Holy Ghost Zone, Old Kent Road. © David Secombe 2008.
When playing Monopoly my father was always determined to acquire Old Kent Road and Whitechapel, and to build on them as soon as possible. It’s the most modest portfolio on the board, with houses on Old Kent Road, as I remember, costing little more than a hotel on Mayfair. ‘You might laugh,’ my father would tell us in baleful tones, ‘but everybody always lands on Old Kent Road.’
I’m interested in the Old Kent Road as a sort of social counterweight to Hampstead, but my friend David, a South London partisan, is a genuinely keen on it, and gave me a guided tour this week.
Tesco, Old Kent Road. © David Secombe 2004.
‘When the evening sun’s like this,’ he said cheerfully, as we skirted a sofa that had been thoughtfully set out on the pavement, ‘it’s got a sort of I’m-in-a-scary-part-of-LA charm.’ We were walking past the Old Kent Road’s array of cosmopolitan food shops, beauty parlours, international cash transfer places, evangelical ministries, van washing businesses. As the cars screamed by, David would stop every now and again to photograph the lowering clouds over some light industrial unit or brutalist block of flats. He seemed particularly taken with the visual possibilities of the flyover at the southern end of the Road. ‘A friend of mine owns a flat that looks right on to that,’ he said enviously.
I looked at a price list outside one of the Road’s pubs: it advertised a cocktail called a Slippery Nipple, consisting of Sambuca, Bailey’s and Grenadine. You could have a jug of Slippery Nipple for £12.50. Another sign forbade anybody wearing a hat to enter the pub. You knew there was some insight into human behaviour behind this, and that it had been won the hard way.
Re-branding exercise, Old Kent Road. © David Secombe 2008.
‘If Dickens were alive today he’d be down here all the time,’ said David as car came crawling noisily down the Road with only two of its tyres inflated. David then attempted, with windmilling arms, to direct the dazed-looking driver to a nearby sprawling depot called Madhouse Tyres.
As he did so, I reflected that the Old Kent Road does have the look of suburban LA or Chicago – that rangy wildness – and it occurred to me that this is what happens to British streetscapes when middle class vigilance is reduced and planning controls relaxed: they begin to look American.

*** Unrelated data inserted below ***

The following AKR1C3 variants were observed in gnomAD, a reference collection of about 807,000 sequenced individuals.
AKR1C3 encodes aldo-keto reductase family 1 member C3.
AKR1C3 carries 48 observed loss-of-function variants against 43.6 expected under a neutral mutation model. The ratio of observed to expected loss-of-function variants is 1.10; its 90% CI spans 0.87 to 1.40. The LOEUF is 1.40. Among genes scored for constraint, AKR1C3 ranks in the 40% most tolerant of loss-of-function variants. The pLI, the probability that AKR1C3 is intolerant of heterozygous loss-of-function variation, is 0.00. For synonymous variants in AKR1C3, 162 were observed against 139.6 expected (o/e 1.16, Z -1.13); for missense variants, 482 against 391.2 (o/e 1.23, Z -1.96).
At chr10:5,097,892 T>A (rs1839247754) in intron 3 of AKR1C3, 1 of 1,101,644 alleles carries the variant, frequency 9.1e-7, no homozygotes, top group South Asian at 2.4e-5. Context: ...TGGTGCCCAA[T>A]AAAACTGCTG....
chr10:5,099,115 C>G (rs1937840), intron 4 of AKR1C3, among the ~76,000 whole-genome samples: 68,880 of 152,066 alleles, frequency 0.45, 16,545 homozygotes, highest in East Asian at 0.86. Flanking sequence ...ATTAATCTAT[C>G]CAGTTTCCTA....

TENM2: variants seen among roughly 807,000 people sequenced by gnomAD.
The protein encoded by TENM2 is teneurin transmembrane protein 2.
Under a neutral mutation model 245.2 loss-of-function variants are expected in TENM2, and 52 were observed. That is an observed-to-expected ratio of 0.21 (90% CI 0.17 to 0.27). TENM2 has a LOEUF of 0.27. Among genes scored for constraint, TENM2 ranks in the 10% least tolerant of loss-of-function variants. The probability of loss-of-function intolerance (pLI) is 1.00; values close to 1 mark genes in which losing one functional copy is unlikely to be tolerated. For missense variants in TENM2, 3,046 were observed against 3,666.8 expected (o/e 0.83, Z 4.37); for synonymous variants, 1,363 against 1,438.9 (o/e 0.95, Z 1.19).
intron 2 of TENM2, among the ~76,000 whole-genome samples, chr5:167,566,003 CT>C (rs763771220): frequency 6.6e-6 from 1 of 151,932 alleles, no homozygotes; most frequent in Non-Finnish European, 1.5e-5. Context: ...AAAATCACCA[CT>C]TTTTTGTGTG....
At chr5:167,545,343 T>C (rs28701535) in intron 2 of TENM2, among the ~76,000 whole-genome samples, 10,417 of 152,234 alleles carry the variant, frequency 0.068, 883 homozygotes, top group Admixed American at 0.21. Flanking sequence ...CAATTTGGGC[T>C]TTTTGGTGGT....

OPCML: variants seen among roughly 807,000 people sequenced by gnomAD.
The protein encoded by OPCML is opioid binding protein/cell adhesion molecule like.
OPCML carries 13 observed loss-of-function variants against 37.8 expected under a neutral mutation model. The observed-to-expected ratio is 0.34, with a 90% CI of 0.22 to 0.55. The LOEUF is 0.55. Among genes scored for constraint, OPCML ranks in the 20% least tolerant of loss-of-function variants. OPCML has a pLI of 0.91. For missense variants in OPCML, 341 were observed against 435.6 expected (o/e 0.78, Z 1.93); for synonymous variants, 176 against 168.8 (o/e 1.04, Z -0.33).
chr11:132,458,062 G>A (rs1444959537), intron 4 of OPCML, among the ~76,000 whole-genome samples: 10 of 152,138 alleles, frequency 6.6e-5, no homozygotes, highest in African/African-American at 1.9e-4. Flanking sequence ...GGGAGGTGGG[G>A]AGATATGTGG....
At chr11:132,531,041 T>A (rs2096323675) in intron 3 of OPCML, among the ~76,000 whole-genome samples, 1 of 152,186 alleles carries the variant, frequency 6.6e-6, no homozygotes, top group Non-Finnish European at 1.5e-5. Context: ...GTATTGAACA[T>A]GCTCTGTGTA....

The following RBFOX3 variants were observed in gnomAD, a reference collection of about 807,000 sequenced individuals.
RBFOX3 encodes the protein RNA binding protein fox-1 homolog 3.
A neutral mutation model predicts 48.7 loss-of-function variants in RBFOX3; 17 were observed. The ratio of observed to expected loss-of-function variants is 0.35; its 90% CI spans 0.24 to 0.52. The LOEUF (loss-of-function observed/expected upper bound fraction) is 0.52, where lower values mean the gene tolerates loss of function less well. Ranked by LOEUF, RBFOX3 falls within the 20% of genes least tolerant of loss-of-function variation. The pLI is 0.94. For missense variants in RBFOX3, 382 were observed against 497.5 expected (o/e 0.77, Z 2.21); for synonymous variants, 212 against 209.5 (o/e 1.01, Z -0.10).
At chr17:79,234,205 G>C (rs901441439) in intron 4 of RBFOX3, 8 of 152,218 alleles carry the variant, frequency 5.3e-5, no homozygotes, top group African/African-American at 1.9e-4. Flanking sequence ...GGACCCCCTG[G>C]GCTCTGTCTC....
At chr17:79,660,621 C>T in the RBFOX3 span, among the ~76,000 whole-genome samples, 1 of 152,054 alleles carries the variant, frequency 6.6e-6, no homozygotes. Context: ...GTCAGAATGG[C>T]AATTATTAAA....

Chinese Elvis restaurant, Old Kent Road. © David Secombe 2002.
David pointed out East Street, which goes off the Old Kent Road. Its market features in the opening credits of ‘Only Fools and Horses’, in which Rodney and Del Boy inhabit a tower block inevitably called Nelson Mandela House. David took me to Mandela Way, which intersects with Old Kent Road, and where there is a small patch of green space occupied by a tank that has been painted pink and decorated repeatedly with the stencilled word ‘Scab’. ‘If this was North London,’ I marvelled, ‘there would be letters in the Hampstead and Highgate Express every week until it was taken away.’ ‘Really?’ said David, snapping away, ‘it’s been here for years.’*
Tank, Mandela Way. © David Secombe 2004.
In the streets off Old Kent Road, you never know what you’ll find: a battered looking Georgian house with an ice cream van parked in the front drive and a lone security camera staring at it; a tiny house with a sign saying ‘This property is protected by guard dogs’ – that’s dogs, plural; sudden bombsites with rampant buddleia, the scars of the Second World War still seemingly fresh. There are also surprising runs of pristine Georgian and Victorian houses with obviously middle class occupants.
Almshouses, Asylum Road, SE15. © David Secombe 2008.
You could argue that Old Kent Road is going upmarket. The famous old Dun Cow pub is now the Dun Cow Surgery, and the Thomas A Becket, the even more famous boxing pub, built on one of the many sites where the Canterbury pilgrims took liquid refreshment, is now an estate agency, a sign of the times to an extent almost ridiculous. ‘You’d think there’d be a plaque acknowledging what it used to be,’ I said to David. But he frowned and shook his head, ‘That’s one of the great things about the Old Kent Road,’ he said, as we trudged on, ‘a profound lack of sentimentality.’
© Andrew Martin. This article originally appeared in Andrew’s Class Conscious column for The New Statesman in 2004.
(*The tank is a Soviet T-34 placed on Mandela Way as a protest by a disgruntled property developer following the rejection of a planning application.)